Algo Scripting: Sum of All Numbers in a Range

Hello campers!
I just have a quick question about my code. I solved this exercise with my own code without looking up hints (this is a first and i’m very proud ATM sorry for bragging lol), but after I passed the exercise I wanted to compare my code with other solutions and none of them approached it like I did… So here’s my question: Was my approach decent code? I realize my own answer is a few lines longer but would my code have been something that would have been used in a workplace situation?
Sorry if this seems like a dumb question. I’m just curious of where my skill level is relatively speaking.

function sumAll(arr) {
  let count = [];
  if (arr[0] > arr[1]) {
    arr = [arr[1], arr[0]]
  }

  for (let n = arr[0]; n <= arr[1]; n++) {
    count.push(n)
  }
  return count.reduce((num1, num2) => num1 + num2);
}

let result = sumAll([4, 1]);
console.log(result);

HI!

So your code looks completely correct in that it does what it is meant to do, but nobody really does it this way for performance reasons - imagine, what would happen if someone wanted sumAll(1, 1000000000) (a bit of an extreme example) - in that case, you would be creating an array with 1 BILION items in it, and if we just for simplicity assume each of those numbers is four bytes, you have just created an array that takes ~4 GB of PC RAM (because the array needs to be stored somewhere). Also, keep in mind that creating such an array probably took you some time, say, 5 seconds. And then you need to go through the array all once again to reduce it to the sum, which takes up 5+ seconds AGAIN.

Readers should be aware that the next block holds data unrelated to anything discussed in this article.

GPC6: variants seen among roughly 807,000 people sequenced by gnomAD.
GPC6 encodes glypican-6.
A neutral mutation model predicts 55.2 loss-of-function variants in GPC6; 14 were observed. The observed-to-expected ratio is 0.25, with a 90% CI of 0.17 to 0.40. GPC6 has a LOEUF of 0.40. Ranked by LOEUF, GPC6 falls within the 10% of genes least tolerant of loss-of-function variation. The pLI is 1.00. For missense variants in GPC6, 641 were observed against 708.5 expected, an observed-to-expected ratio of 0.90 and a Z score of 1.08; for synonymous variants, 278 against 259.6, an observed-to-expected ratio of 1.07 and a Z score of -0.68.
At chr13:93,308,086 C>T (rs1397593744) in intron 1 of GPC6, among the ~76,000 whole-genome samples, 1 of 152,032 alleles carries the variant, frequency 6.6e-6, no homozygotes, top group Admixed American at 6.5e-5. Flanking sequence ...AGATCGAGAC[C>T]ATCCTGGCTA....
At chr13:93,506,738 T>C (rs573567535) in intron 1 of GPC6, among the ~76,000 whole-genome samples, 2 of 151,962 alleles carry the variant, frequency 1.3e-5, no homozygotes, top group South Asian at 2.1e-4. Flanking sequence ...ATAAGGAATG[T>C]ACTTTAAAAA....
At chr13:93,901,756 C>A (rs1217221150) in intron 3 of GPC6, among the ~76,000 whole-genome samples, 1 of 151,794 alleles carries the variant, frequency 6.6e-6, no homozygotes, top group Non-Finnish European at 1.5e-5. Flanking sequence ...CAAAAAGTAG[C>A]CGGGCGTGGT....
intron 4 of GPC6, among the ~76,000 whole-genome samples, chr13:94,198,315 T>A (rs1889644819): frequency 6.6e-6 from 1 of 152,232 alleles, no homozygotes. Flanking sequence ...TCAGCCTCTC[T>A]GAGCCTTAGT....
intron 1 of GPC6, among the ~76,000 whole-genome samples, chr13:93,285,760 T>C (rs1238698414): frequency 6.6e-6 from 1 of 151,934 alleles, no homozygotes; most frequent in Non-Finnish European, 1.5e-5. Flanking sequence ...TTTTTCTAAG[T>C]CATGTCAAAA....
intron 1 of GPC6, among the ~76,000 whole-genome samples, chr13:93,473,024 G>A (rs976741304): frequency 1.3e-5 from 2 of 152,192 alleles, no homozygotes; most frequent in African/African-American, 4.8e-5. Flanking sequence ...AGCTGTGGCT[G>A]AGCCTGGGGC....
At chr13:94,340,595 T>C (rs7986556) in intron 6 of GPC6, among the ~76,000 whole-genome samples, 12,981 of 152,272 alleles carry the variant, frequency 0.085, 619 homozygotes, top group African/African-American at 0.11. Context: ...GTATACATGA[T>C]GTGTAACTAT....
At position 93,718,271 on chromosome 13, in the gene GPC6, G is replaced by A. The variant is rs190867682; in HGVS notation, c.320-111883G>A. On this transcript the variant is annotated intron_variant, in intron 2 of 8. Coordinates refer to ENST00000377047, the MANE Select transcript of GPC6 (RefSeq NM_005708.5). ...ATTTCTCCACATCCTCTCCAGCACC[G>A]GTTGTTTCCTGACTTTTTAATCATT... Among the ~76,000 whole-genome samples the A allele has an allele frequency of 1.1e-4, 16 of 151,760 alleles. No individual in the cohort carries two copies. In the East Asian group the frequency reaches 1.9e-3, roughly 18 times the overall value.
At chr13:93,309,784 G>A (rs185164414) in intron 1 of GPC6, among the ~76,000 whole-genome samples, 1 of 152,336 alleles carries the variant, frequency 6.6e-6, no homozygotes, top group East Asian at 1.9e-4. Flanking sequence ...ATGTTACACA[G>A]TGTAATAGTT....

Realistically though, no one is going to call anything more extreme than sumAll(1, 1000000), but still, it is 4 MB of RAM and 6 ms that could have been saved.

Thank you for your feedback!
So in short, it would be best to learn to use methods to achieve the same result as my loops and statements?

Not really. Although that is often helpful, that really comes only from experience. What I was trying to say is that you are creating an array although you don’t need to, and that can very easily get very slow. My idiomatic solution for this problem would be something along the lines of

function sumAll(arr) {
  let sum = 0;
  if (arr[0] > arr[1]) {
    arr = [arr[1], arr[0]]
  }

  for (let n = arr[0]; n <= arr[1]; n++) {
    sum += n;
  }
  return sum;
}

I’m not sure about the way to learn this. As in most things, the best way is only really just practice, practice, practice.

Oh wow. That looks so much better!
I’ll keep at it. Thank you again.